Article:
The Island Trapper; or, The Young White-Buffalo Hunters
T. C. Harbaugh
The Command was spoken in a low tone to a majestic iron-gray horse.
Instantly the fore-feet were plunged into the loose earth, and the animal became as stationary as a bronze statue.
“Dash me! if I didn’t hear music. Tecumseh, ye heard it, too, for I saw ye prick yer ears before I told ye to stop. Where is the white man who has the audacity to be musical in the Pawnee country? Dash me! I’d like to see him; I’d like to take ’im back to the States and present ’im to Mr. Barnum. Listen! there it goes again. Music, certain, no mistake, and it sounds like that which I’ve heard on Broadway, comin’ from the dirty hand-organs.”
With a smile on his broad, handsome countenance, the speaker leaned forward in the wooden stirrups, with a half-doubled band behind his left ear.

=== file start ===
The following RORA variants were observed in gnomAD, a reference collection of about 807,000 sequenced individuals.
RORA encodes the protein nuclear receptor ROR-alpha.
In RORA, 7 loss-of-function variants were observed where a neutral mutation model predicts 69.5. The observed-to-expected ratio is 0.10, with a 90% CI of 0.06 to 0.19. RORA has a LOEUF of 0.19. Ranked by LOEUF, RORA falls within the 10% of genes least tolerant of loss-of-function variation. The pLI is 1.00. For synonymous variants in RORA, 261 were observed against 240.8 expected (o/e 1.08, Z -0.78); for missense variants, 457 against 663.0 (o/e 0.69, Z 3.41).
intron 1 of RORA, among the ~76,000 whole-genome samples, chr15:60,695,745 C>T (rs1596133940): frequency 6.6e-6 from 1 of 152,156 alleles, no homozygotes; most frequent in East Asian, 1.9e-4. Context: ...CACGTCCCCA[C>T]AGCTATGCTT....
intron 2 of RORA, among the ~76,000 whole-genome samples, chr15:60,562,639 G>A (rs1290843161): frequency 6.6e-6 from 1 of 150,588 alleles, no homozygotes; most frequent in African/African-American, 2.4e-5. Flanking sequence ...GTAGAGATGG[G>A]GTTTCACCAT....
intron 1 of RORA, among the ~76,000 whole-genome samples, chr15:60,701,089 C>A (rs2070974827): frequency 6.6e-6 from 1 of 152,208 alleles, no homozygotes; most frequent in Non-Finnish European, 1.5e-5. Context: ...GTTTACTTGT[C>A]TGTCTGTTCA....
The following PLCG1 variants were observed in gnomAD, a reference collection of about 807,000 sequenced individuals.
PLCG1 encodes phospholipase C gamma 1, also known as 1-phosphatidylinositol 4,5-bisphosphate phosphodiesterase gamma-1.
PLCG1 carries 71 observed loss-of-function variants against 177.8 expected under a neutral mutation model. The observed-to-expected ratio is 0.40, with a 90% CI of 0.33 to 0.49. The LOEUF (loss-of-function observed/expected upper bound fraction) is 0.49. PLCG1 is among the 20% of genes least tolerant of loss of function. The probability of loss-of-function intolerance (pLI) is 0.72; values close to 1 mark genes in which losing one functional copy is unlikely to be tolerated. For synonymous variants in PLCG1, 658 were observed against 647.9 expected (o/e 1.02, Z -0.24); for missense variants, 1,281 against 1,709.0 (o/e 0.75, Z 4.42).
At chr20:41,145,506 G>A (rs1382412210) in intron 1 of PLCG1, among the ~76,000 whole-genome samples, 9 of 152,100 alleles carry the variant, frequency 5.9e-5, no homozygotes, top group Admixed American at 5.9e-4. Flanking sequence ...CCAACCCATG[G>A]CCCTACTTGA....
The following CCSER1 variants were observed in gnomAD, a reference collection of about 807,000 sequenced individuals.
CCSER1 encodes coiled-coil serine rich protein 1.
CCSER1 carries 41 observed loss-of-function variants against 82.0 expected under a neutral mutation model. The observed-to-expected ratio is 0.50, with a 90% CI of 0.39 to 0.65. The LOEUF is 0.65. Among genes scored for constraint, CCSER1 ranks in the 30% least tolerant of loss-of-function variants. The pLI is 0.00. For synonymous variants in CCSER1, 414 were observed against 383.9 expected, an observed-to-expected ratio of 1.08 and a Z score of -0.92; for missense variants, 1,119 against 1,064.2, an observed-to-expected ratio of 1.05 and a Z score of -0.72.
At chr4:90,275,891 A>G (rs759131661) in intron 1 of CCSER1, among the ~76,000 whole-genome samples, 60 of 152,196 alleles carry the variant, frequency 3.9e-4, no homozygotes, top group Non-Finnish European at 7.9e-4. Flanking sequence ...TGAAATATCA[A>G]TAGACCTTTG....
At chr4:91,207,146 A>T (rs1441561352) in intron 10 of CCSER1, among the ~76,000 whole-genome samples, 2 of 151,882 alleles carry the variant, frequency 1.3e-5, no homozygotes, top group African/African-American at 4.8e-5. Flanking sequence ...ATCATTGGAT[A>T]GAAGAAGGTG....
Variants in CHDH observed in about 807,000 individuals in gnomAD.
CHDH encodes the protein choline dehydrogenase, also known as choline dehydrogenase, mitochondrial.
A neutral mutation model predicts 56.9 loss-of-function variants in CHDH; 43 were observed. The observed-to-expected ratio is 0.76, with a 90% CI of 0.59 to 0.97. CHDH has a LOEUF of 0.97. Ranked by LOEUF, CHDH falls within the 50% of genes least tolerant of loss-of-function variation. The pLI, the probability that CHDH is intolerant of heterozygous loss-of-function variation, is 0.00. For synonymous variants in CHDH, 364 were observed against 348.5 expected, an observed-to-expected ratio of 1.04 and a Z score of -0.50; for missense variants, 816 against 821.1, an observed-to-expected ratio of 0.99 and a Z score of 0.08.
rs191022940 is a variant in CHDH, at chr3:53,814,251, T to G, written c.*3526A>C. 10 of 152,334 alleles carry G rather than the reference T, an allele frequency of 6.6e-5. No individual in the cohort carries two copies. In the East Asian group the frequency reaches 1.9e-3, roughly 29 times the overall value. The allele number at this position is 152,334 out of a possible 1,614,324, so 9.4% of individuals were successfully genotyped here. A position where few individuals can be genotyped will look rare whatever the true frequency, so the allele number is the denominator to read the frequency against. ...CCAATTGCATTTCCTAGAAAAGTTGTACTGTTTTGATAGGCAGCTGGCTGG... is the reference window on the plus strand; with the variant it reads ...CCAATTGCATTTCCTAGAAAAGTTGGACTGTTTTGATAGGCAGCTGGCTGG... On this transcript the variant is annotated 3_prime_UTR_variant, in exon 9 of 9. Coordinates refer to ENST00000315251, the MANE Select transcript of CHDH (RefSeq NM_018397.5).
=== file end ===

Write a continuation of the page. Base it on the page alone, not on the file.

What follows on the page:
“He’s struck up a new tune, and dash me if it isn’t ‘Hail Columbia.’ I’m gettin’ uncommon curious, settin’ here on Tecumseh, and list’nin’ to the first genuine music I’ve heard for five years, and dash me if—Injun yells, by Joshua!”
The iron-gray heard the new sounds, which seemed to emanate from the same spot as the mysterious music, and turned his head to his master, as if to ask what they meant. A furious light flashed from his dark eyes, and a low neigh told how eager he was to court excitement.
“Steady, Tecumseh, steady!” whispered the frontiersman “The Injun yells come from the same spot as the music; but still, ‘Hail Columbia’ remains unbroken. I can’t stand it any longer. Dash me if I ain’t goin’ to inquire into that music. The old song goes all over me like an electric arrow, and I b’lieve it affects my old horse. Now, Tecumseh, for’ard!”